I like to think of myself as being a relatively upstanding gay man. I never lie to get lucky, never dump anyone without cause, never knowingly go after somebody else’s guy. I even try to practice good Grindr etiquette, though I’m frequently reminded by boys on the grid that my insistence on keeping things classy there is not only futile but annoying.
Which brings me to my latest Grindr situation, one that involves two guys I didn’t even meet on the grid....
In the absence of etiquette standards in the world of hook-up apps, is it fair to slut shame a guy who scores with someone he met through a Grindr date – say, the date’s friend? If Grindr connections are indeed “transactional” (according to what one unapologetic user once told me... sigh), then consumer rules must apply. We wouldn’t penalize a man who goes into a store to buy oranges and leaves with apples, so we probably shouldn’t be too hard on him if he goes on a Grindr date with one person and leaves with another.
Thankfully, I’ve never been either bachelor No. 1 or No. 2 (the ones on the Grindr date) in the above scenario. But I now know what it’s like to be bachelor No. 3, the one who stole his friend’s Grindr date and may have doomed the friendship. Well, technically, it wasn’t stealing. Have you actually stolen something if you didn’t realize it belonged to someone?
What if your mate called you over after spotting you from a distance and invited you to join him and his “friend,” without any hint of sexual tension or lusty body language to suggest you’d be crashing a date?
Not for one second did I feel like a third wheel. I thought we were just three guys bonding and doing tequila shots on Silom Soi 4, aka the gayest street in Bangkok. The platonic vibe didn’t immediately shift when my buddy went home early, leaving me alone with his “friend,” whom we’ll call Liam. We laughed. We chatted. I’m sure we even pointed out a few hot guys to each other.
I can’t remember what song was playing or what was going on right before we started kissing. There was no lingering look, no sexy banter to signal a change in direction. Cliche as it might sound, it just happened. It felt natural and easy and old-school: two guys, introduced by a mutual friend, forming a connection over the course of several hours.
The next morning, I was surprised by our ongoing rapport. We spent a couple of hours on the couch talking about whatever popped into our heads before he left to do the walk of shame through my hotel lobby.
For me, there was no shame until later in the afternoon when I was speaking on the phone to the friend who’d introduced me to Liam. Before I could tell him what had happened, he asked if I went home with his “friend.” Yes, he was still playing the “friend” card. He said he suspected we’d get together, and ended the conversation.
A few minutes later, he texted me to cancel our Saturday night plans. Then he gave me a dose of enlightenment: Actually i am a bit disappointed that my grindr date had to sleep with my friend but what am i thinking? He is a typical tourist and so are you.
My heart skipped several beats. “Typical tourist”? Ugh. “Grindr date”? Double ugh. I called him out on the “typical tourist” dig (locals hook up with each other all the time), and he took it back. But he didn’t back down from his anger, which he claimed was directed at Liam. If he had to go home with someone, couldn’t he have picked some random stranger?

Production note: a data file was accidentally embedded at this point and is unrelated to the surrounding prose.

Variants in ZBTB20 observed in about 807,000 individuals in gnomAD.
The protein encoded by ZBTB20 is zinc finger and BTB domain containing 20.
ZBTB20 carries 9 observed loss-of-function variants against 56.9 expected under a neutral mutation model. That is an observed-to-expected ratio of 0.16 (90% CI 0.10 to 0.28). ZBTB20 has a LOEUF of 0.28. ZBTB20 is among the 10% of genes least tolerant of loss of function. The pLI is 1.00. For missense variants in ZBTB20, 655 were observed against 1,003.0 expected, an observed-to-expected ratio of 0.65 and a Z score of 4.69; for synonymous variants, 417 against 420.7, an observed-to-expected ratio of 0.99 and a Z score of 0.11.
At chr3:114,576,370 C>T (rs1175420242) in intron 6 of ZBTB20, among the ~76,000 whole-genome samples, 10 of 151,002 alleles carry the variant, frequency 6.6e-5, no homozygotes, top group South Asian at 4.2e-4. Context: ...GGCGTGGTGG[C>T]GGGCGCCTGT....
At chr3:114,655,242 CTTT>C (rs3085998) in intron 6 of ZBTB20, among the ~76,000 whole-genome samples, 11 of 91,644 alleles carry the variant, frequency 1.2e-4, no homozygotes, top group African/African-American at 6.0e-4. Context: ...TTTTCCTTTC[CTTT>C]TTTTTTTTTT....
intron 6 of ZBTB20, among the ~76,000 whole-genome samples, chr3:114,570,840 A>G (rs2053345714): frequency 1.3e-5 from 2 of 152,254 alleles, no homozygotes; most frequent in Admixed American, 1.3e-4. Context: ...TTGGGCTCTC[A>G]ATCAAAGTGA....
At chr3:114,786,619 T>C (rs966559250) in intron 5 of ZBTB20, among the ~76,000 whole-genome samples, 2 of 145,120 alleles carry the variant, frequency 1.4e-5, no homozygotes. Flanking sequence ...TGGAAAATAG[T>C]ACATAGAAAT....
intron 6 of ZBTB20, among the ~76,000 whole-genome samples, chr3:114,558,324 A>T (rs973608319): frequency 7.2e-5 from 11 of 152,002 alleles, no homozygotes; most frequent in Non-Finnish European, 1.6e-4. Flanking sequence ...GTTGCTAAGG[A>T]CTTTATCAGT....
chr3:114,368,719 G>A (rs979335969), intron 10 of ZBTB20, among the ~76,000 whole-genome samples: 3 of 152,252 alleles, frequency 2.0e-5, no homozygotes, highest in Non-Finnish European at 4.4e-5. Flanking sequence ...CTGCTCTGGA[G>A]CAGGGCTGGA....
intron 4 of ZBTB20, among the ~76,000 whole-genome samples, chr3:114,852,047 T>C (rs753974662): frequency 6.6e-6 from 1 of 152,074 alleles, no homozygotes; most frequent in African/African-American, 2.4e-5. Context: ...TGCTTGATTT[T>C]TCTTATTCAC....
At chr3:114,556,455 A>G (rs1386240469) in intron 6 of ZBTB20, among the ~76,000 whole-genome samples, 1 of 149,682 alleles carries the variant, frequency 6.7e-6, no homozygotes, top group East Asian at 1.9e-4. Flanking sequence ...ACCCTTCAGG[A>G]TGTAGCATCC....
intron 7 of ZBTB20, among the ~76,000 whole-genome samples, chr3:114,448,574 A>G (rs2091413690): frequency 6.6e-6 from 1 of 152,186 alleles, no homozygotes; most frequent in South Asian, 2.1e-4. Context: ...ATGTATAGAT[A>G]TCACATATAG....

Although he supposedly absolved me of any conscious wrongdoing, his passive-aggressive indignation said otherwise, and it fueled my guilt. I wondered when karma would put me in his shoes. I went over my defense in my head. Had I known I had interrupted a date, I would have made my excuses and left before the tequila shots. I’d always rolled my eyes on the inside when someone I met through a mutual friend asked, “So how do you two know each other?” – as Liam had. It’s such a B.S. conversation starter, but I finally understood why it’s wise to ask.
Belatedly armed with that knowledge, I apologized for my part in my friend’s disappointment. Still, I had so many questions. Why did he tell me he was having dinner with a “friend” and not that he was on a date when I texted him early in the evening? Why was he even responding to my texts during a date?
Had they already entered the friend zone when I arrived? Was that why they’d gone to the gayest street in Bangkok after dinner rather than to a more private one-on-one location? This was a Grindr date with a local and someone who was only in town for a few days. Surely they weren’t planning on taking things slowly.
Instead of potentially making the situation more flammable by seeking answers from him, I reached out to Liam. He’d given me his phone number within five minutes of meeting me (yet another reason to assume he wasn’t on a date at the time).
I didn’t realize you were on a Grindr date last night. I thought you were just friends.
Liam’s response came immediately.
I mean I should have mentioned that, for some reason I thought it was understood. I had a great time with both of you and as he left I was with you.
It was not my intention to hurt his feelings, and I hope this does not come between you two.
Despite the absolution my friend had granted me, I knew it would, possibly permanently. He’d probably never again be able to look at me without thinking of the failings of bachelors Nos. 1, 2, and 3 that night. I hated that I’d inadvertently caused emotional grief. Even more, I hated that I didn’t share his disappointment in Liam for being, as Liam himself jokingly put it, “a whore and a heartbreaker.” Damn. I hated that my strict adherence to the bro code meant I couldn’t see Liam again.
But more than anything, I hated Grindr. It may work for some people, but once again, it had worked against me. Even when I meet a guy off the grid, it can still end up ruining everything.
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